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The Net Economy Meets the Global Economy

The global village is truly coming to be a reality. While governments are trying to find new rules for taxation, customs, and security, the forces of globalization are continuing to dominate the Internet. According to Forrester Research, the rules of the Internet Economy are as follows:

  1. Customer service eclipses the product.

  2. Real-time demand drives production.

  3. Pricing matches market conditions.4

Essentially, this model of business on the Internet is based on the relatively new idea of a network economy based on both "richness" and "reach." In traditional network models, being able to reach a mass audience usually meant an inability to customize any function for smaller or even individual portions of the network's customer base. Television, cinema, and telecommunications rely on sheer volume to make their numbers. Demographics and content targeting help, but out of three million people who watch the same commercial, only about 10 percent take any serious interest in the product being offered. The ideal would be to have all three million people see precisely the commercial on the product they would be interested in, whatever their individual interest. In other words, instead of driving the product to the customer, let the customer drive the product he or she wants.

Although this promise has yet to be fully realized, even on the Internet, the following business dynamics described in the following sections are becoming a reality right now.

Global Competition

Competition is now unrestrained. The barriers to enter an e-business have been somewhat reduced: information is readily available, resources are available via communities and intermediaries, and communication is almost instantaneous. The velocity of new entrants is often mind-boggling. The marketplace is also behaving like the stock market, auction-oriented business models are getting popular, fixed pricing is being challenged, and price differences due to geography are fading away.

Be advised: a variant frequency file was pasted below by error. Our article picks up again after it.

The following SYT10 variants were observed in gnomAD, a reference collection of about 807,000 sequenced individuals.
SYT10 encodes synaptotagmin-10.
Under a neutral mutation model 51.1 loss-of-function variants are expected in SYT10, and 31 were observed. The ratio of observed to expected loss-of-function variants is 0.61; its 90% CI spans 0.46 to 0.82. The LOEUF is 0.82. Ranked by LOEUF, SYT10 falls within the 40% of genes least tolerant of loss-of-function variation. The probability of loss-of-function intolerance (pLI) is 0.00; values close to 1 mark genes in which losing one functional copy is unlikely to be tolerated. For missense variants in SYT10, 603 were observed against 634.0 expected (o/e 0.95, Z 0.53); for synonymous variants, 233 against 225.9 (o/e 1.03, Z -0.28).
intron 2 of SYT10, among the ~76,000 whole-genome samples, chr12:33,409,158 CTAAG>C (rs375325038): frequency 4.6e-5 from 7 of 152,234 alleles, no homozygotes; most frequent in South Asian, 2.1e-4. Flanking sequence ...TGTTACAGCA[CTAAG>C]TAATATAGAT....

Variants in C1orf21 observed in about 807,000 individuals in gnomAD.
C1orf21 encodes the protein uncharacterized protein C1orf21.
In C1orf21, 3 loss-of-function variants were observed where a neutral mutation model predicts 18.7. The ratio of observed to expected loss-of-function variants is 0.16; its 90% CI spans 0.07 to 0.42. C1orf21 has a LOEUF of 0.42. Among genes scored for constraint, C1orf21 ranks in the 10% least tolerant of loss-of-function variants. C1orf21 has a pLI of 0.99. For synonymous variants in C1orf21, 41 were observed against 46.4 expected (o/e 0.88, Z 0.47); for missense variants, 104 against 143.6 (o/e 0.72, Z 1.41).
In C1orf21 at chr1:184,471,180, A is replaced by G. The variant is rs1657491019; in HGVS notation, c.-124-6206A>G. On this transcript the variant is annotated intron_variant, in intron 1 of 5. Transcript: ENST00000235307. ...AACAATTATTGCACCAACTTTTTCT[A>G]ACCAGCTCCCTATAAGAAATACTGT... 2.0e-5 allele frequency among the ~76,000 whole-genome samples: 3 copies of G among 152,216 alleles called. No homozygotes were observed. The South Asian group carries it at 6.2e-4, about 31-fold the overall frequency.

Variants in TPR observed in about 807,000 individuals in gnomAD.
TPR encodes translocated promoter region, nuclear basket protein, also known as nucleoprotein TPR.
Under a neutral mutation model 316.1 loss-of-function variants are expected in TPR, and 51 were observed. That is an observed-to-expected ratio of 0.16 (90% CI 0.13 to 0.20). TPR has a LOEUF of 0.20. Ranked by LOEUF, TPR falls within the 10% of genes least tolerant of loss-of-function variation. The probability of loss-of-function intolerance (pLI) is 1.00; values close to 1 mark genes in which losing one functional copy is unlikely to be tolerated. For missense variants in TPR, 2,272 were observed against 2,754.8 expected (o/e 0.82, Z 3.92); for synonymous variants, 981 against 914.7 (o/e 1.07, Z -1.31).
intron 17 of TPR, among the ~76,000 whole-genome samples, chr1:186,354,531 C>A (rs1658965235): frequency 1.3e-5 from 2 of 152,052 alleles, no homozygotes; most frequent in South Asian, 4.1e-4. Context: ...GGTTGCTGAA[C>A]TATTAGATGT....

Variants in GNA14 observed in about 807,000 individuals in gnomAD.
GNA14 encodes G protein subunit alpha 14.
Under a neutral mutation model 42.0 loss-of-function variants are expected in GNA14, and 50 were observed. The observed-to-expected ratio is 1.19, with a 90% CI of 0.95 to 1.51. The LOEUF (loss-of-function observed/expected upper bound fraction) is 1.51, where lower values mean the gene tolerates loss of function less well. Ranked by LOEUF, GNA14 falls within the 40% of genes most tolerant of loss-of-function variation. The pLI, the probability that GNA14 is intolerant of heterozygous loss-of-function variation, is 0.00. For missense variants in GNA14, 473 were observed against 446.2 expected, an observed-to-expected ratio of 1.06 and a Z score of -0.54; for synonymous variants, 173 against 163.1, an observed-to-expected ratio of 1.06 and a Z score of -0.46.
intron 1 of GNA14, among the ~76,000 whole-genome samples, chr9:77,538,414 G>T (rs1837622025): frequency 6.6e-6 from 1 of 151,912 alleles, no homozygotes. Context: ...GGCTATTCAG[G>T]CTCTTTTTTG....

Non-Traditional Competition

The Internet is giving opportunity to all and in very different ways. Since the barrier to entry to most businesses is lower because there is very little cost associated with using the Internet, it is easier for one type of business to get into other types of businesses. Banks are becoming investment brokers, and vice versa. Booksellers are not only selling CDs and other products, but they are also becoming auctioneers. The classic example is Amazon.com, which sells books, CDs, hardware tools, software, and more. Amazon.com is also aggressively pursuing auctioning. So, the traditional question, "What business are you in?" is taking on new meaning. It is also a debatable business model: Is this model sustainable long-term, or is it just an experiment of a new world that will ultimately fizzle away?


The Internet is providing the infrastructure of a true electronic bazaar. Communities-of-interest are cropping up and a very different set of rules for interaction is being established. These communities are interacting with each other, exchanging information, and generating value. Chat sessions, electronic billboards, and Web meetings are powerful tools that are giving communiti?es the information they need, when they need it. Communities are also creating a strong market demand for products and services. For example, there are investment communities, engineering communities, sales communities, and project management communities that help foster communication among people with common interests. There are portal sites that bring certain ethnic communities together; for example, Satyam infoway has a portal (www.satyam.com) that brings the Indian community together to share their interests and ideas, regardless of their geographic location. There are similar portals for all social groups, religions, ethnic groups, and so on.